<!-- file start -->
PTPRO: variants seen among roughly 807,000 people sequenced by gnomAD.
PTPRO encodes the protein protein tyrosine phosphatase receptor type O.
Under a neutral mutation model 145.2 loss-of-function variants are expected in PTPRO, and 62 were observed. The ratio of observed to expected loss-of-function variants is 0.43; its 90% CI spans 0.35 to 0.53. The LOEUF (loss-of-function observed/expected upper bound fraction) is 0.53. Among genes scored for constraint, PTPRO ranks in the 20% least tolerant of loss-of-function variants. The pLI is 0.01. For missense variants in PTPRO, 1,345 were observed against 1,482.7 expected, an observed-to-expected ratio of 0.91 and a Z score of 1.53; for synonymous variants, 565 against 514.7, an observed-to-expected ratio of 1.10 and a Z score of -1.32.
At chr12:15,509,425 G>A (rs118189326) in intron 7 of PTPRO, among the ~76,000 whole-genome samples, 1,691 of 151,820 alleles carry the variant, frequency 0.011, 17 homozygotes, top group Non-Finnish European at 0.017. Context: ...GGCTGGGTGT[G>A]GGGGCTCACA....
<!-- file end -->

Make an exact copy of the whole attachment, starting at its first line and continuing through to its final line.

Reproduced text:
PTPRO: variants seen among roughly 807,000 people sequenced by gnomAD.
PTPRO encodes the protein protein tyrosine phosphatase receptor type O.
Under a neutral mutation model 145.2 loss-of-function variants are expected in PTPRO, and 62 were observed. The ratio of observed to expected loss-of-function variants is 0.43; its 90% CI spans 0.35 to 0.53. The LOEUF (loss-of-function observed/expected upper bound fraction) is 0.53. Among genes scored for constraint, PTPRO ranks in the 20% least tolerant of loss-of-function variants. The pLI is 0.01. For missense variants in PTPRO, 1,345 were observed against 1,482.7 expected, an observed-to-expected ratio of 0.91 and a Z score of 1.53; for synonymous variants, 565 against 514.7, an observed-to-expected ratio of 1.10 and a Z score of -1.32.
At chr12:15,509,425 G>A (rs118189326) in intron 7 of PTPRO, among the ~76,000 whole-genome samples, 1,691 of 151,820 alleles carry the variant, frequency 0.011, 17 homozygotes, top group Non-Finnish European at 0.017. Context: ...GGCTGGGTGT[G>A]GGGGCTCACA....